Trails at Lovers Key

A view of two people walking along a trail.

The Black Island Trail at Lovers Key State Park is one of the most unique in the state, and offers a view into secluded estuaries full of wildlife.

The Trail is made up of two long loops connected by a wide dirt service road and is 5 miles in length. There is a reason for the strange shape of the trail. It follows estuaries and canals that were dredged to make way for development on the island. Originally, the land here was meant to be turned into a residential neighborhood. Instead, it’s home to manatees and a great variety of coastal birds, fish, insects and reptiles.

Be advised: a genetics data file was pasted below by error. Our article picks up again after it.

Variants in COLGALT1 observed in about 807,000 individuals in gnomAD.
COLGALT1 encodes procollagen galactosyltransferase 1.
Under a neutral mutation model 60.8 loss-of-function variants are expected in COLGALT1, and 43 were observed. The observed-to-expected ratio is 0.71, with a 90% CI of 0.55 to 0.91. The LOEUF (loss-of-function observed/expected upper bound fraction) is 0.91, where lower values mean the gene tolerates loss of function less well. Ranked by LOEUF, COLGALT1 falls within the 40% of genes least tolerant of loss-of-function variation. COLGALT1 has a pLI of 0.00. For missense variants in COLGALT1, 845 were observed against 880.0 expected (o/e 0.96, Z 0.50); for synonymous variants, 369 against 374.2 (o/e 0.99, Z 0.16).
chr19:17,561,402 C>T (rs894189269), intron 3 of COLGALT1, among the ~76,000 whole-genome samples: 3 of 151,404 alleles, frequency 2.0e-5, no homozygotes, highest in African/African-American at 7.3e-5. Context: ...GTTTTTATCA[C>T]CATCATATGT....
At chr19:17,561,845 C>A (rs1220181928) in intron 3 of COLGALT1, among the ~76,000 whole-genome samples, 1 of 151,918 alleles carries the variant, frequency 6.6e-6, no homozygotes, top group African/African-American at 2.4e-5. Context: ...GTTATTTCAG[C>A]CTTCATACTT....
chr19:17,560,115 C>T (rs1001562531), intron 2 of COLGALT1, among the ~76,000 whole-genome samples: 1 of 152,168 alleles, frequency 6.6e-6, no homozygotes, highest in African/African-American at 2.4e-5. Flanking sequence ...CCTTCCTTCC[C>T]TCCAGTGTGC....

Imperiled species that frequent this area include the bald eagle, West Indian manatee, American alligator and the crested caracara. This area is especially important for wading birds and shorebirds—the mollusks and crustaceans that live in the underwater muck are a vital part of their diet.

The Eagle Trail brings walkers through maritime hammock dominated by cabbage palms, Jamaica dogwoods, strangler figs, gumbo limbos, catclaws, buttonwoods and seagrapes. Black and red mangroves line the trail in areas where it passes through marine tidal swamp.

Each trail is unique and takes hikers through the hidden wild areas and rich ecosystems ecosystems of the park.